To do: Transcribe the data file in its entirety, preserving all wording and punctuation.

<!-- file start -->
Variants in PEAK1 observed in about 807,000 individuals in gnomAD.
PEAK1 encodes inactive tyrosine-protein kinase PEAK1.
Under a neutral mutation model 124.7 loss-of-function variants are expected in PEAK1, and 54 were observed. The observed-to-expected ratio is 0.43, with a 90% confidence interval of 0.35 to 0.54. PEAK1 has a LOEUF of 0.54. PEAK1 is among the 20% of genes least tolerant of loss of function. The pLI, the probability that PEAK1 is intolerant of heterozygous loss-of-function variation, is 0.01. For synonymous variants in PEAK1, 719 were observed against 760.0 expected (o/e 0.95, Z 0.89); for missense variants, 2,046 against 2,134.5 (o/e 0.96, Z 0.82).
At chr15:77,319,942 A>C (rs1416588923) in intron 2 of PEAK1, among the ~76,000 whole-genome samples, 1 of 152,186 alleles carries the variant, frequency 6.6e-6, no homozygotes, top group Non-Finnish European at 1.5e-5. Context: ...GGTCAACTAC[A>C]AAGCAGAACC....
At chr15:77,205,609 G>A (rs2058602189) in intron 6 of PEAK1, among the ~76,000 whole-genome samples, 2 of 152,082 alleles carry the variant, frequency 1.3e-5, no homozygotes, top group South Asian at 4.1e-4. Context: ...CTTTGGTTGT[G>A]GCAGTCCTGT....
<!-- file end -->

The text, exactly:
Variants in PEAK1 observed in about 807,000 individuals in gnomAD.
PEAK1 encodes inactive tyrosine-protein kinase PEAK1.
Under a neutral mutation model 124.7 loss-of-function variants are expected in PEAK1, and 54 were observed. The observed-to-expected ratio is 0.43, with a 90% confidence interval of 0.35 to 0.54. PEAK1 has a LOEUF of 0.54. PEAK1 is among the 20% of genes least tolerant of loss of function. The pLI, the probability that PEAK1 is intolerant of heterozygous loss-of-function variation, is 0.01. For synonymous variants in PEAK1, 719 were observed against 760.0 expected (o/e 0.95, Z 0.89); for missense variants, 2,046 against 2,134.5 (o/e 0.96, Z 0.82).
At chr15:77,319,942 A>C (rs1416588923) in intron 2 of PEAK1, among the ~76,000 whole-genome samples, 1 of 152,186 alleles carries the variant, frequency 6.6e-6, no homozygotes, top group Non-Finnish European at 1.5e-5. Context: ...GGTCAACTAC[A>C]AAGCAGAACC....
At chr15:77,205,609 G>A (rs2058602189) in intron 6 of PEAK1, among the ~76,000 whole-genome samples, 2 of 152,082 alleles carry the variant, frequency 1.3e-5, no homozygotes, top group South Asian at 4.1e-4. Context: ...CTTTGGTTGT[G>A]GCAGTCCTGT....